We have been campaigning for effective pay equity policy and legislation since 1986. At that time, New Zealand had recently ratified ILO Convention 100 on Equal Remuneration for Men and Women for Work of Equal Value and the Convention on the Elimination of Discrimination Against Women. These UN Conventions, adopted in 1951 and 1979 respectively, require ratifying governments to ensure equal pay for women doing the same work as men, and also equal remuneration of women and men for different work shown to be of equal value by objective appraisal.
For many years, the Coalition for Equal Value, Equal Pay was the umbrella group for women’s organisations and unions interested in furthering policy, legislation and negotiations to ensure pay equity for New Zealand women. That broad-based work is currently the role of Pay Equity Challenge Coalition, of which we are an active member. The Coalition for Equal Value, Equal Pay is now a more specialist group with expertise and experience that spans the breadth and history of this policy issue.
Our current members include those with direct involvement in:
Test case 2013
2013, CEVEP was invited to be an 'intervening' party to a test case being
taken under the Equal Pay act by resthome worker Kristine Bartlett and
the Service & Food Workers Union. This means that lawyer Stephanie Dyhrberg was able to speak at the Employment Court hearing on our
behalf in support of the plaintiffs' claim. The Human Rights Commission,
NZ Council of Trade Unions, Pay Equity Challenge Coalition, Aged Care
Association and Business NZ were also intervenors.
CEVEP was formed in 1986, after a claim for equal pay for work of equal value for clerical workers was rejected by the Arbitration Court.
A seminar for Equal Pay for Work of Equal Value was held at the Centre for Continuing Education, Victoria University of Wellington in April 1986, and the beginnings of a national pay equity campaign evolved. A further meeting established the Coalition for Equal Value for Equal Pay (CEVEP).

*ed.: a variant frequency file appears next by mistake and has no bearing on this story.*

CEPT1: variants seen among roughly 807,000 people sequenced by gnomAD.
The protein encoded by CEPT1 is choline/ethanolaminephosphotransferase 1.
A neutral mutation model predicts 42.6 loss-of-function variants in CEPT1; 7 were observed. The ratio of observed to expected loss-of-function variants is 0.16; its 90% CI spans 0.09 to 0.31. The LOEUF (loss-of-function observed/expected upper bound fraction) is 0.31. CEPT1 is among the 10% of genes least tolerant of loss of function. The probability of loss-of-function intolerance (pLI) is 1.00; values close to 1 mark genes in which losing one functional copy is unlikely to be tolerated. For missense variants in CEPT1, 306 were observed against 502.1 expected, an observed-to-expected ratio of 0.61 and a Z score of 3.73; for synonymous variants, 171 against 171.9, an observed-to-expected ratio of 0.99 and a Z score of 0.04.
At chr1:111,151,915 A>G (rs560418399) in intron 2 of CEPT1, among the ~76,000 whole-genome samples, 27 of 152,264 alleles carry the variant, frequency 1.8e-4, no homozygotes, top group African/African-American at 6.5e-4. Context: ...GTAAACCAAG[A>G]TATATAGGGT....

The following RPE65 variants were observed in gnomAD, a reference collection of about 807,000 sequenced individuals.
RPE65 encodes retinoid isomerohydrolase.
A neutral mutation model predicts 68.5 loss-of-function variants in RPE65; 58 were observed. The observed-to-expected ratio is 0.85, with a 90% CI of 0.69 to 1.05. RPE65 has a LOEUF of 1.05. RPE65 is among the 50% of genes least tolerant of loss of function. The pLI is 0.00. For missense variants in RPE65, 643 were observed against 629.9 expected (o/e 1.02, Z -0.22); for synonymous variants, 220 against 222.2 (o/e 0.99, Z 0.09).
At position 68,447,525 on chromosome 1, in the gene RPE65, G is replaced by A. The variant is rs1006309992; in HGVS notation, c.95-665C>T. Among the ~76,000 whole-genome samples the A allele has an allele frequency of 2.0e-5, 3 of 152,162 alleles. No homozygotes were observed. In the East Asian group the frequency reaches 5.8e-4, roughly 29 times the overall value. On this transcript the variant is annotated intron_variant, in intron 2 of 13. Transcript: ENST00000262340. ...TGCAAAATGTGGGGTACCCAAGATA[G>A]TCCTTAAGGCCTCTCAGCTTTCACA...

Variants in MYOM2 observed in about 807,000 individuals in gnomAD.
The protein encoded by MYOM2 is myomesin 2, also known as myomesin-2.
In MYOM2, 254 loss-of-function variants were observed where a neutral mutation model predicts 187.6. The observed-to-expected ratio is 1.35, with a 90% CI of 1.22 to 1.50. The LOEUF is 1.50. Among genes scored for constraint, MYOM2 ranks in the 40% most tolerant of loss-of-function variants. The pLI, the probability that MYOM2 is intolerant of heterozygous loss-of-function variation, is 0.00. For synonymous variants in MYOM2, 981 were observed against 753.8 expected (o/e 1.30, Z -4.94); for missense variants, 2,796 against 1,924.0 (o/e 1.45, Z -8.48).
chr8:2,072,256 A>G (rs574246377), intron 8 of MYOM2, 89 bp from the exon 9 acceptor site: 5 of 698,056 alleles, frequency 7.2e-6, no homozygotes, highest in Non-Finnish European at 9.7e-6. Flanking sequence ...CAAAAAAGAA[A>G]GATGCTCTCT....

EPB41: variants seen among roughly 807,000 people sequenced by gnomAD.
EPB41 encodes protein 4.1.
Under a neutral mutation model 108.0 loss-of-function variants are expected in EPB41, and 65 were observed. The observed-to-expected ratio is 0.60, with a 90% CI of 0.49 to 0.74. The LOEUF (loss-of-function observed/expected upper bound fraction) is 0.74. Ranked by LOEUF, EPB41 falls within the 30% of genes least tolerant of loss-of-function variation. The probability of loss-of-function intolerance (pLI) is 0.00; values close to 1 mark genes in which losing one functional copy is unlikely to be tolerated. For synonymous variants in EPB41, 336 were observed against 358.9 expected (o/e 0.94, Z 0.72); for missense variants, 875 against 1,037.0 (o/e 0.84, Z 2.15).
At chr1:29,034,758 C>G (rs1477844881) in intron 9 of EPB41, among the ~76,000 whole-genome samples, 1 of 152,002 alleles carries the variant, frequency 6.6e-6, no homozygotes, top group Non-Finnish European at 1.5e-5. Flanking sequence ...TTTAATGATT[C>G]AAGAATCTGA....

CEVEP quickly recognised the need for grassroots support from the community as well as unionists, academics and policy analysists to persuade the government to look at making legislation that would be more effective to providing pay and employment equity for New Zealand women.
Producing newsletters, media releases and holding meetings with politicians, CEVEP developed strong relationships with women's organisations and unions, who in turn worked with their members to spread awareness of the pay equity cause. CEVEP was a key player in the run up to Labour's Equal Employment Act 1990 which provided mechanisms for equal value job assessments and EEO in private sector employment, but was quickly repealed by an incoming National government.
In the 2000s CEVEP was involved in policy consultations and some of its members undertook research for the 2004 Taskforce. In 2004 we also lobbied strongly against replacing the Equal Pay Act 1972 with a very poor designed Employment Relations Act amendment for a new individual complaints process covering equal pay for women and men in the same job only.
In 2013 many of CEVEP's old members, and some new ones, are part of a renewed campaign to promote equal pay and equal pay for work of equal value for New Zealand women.
In July 2015 longstanding CEVEP member Elizabeth Orr received an 'Inspiring Union Woman' award from the NZCTU...see more.
www.cevep.org.nz - 7 August 2016